-- BIS reviews applications and issues export licenses, which are valid normally for two years.
-- If an export license is required, exporters must prepare a Form BIS-748P, "Multipurpose Application Form," and submit it for review and approval. The application form can be used for requesting authority to export or re-export, or to request BIS to classify items. Requirements for submitting a license are detailed in Part 748 of the EAR. The best and fastest way to submit an export application forms is to use the on-line Simplified Network Application Process (SNAP). Exporters can also request a Form BIS-748P:
by fax at (202) 482-3617;
by telephone on (202) 482-3617;
by writing the U.S. Department of Commerce Office of Exporter Services, P.O. Box 273, Washington, DC 20044; or
by email via www.bis.doc.gov/Forms/OrderingFormsOnLine.html.
-- Exporters must be certain to follow the instructions on the form carefully. In most cases, technical brochures and support documentation must also be included.
-- BIS conducts a complete analysis of the license application along with all documentation submitted in support of the application. BIS reviews the item, its destination, its end use, and considers the reliability of each party to the transaction. In addition to our review, applications are often sent for interagency review by the Departments of State, Energy, and/or Defense.
-- The sanctions in place include prohibitions on doing business with those on OFAC's "Specially Designated Nationals and Blocked Persons (SDN) List." Note that this list includes some companies active in the South. You may not do business with an SDN, regardless of where in Sudan it is operating. The SDN list can be found at: www.treas.gov/offices/enforcement/ofac/sdn/t11sdn.pdf.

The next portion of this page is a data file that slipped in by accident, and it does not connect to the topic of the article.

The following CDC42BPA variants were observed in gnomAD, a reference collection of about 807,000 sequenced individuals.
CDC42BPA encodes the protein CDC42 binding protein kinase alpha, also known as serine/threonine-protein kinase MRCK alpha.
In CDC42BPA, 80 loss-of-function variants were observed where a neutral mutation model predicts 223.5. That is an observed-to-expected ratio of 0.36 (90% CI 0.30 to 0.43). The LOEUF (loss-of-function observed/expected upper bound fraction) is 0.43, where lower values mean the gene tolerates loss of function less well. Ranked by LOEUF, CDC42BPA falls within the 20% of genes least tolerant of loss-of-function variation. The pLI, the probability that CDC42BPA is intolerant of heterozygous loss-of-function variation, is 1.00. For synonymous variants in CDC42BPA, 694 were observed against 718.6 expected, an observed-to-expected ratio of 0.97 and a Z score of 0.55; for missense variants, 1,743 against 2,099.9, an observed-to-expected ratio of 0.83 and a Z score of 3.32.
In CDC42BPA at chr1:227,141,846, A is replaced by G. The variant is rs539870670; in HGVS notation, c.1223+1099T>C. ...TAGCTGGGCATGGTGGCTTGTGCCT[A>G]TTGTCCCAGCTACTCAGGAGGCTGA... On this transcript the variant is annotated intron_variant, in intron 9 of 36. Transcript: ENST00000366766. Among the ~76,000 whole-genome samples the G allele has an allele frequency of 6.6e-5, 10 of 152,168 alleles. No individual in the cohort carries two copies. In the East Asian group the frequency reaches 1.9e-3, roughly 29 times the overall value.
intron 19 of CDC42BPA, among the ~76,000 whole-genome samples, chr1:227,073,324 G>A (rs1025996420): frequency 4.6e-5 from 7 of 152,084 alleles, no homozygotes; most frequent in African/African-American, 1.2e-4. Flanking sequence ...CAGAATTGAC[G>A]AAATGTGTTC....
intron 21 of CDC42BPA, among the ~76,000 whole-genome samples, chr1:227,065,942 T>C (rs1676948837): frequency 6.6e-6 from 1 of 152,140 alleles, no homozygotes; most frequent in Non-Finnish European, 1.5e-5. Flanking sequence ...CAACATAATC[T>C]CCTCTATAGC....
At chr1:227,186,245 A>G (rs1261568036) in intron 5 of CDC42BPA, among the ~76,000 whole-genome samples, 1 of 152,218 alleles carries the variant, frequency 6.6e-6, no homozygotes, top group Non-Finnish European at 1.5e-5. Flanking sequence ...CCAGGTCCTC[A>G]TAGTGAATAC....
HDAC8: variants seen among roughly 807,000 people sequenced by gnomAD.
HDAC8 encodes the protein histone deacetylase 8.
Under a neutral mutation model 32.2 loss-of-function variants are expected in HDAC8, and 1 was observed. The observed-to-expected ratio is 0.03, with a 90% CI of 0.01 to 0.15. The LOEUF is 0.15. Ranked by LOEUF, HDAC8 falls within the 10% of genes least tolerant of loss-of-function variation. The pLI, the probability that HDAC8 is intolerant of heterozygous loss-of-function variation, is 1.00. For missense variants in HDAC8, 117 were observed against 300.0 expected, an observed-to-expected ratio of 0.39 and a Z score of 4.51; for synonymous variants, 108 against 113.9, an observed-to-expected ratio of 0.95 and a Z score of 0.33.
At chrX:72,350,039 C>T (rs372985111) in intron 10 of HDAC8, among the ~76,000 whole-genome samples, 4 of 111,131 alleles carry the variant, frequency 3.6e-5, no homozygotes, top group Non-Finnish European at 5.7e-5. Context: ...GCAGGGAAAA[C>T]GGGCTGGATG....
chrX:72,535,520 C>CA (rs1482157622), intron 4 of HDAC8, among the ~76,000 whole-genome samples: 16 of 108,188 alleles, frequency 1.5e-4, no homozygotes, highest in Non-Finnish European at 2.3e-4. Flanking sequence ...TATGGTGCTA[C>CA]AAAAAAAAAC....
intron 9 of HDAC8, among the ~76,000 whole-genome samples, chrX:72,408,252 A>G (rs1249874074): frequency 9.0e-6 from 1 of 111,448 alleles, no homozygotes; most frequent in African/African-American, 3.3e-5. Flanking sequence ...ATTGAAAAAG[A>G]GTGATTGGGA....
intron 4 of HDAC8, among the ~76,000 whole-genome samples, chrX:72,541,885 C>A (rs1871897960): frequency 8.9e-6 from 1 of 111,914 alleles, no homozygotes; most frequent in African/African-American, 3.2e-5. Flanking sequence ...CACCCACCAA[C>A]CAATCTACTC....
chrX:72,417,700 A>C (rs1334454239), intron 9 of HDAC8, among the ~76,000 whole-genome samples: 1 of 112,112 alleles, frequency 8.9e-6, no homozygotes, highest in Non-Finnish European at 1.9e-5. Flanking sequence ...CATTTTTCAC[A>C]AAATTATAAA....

-- The sanctions also include prohibitions on undertaking business transactions with individuals or firms listed on BIS's "Denied Persons List." It is found at: www.bxa.doc.gov/dpl/thedeniallist.asp.
-- Finally, firms must ensure that they do not conduct business with firms on BIS's "Unverified List," which is found at: www.bxa.doc.gov/enforcement/unverifiedlist/unverified_parties.html
NOTE: This paper is intended only as an overview of the regulations affecting exports to Sudan administered by the Department of the Treasury and the Department of Commerce. It is not intended as a comprehensive list of legal requirements or restrictions applicable to transactions involving Sudan, nor does it relieve persons of their obligation to comply with all applicable laws and regulations. It should be noted in particular that Sudan's placement on the state sponsors of terrorism list imposes several categories of restrictions, including a ban on defense exports and sales, and certain controls over exports of dual use items, as well as restrictions on foreign assistance and miscellaneous financial and other restrictions.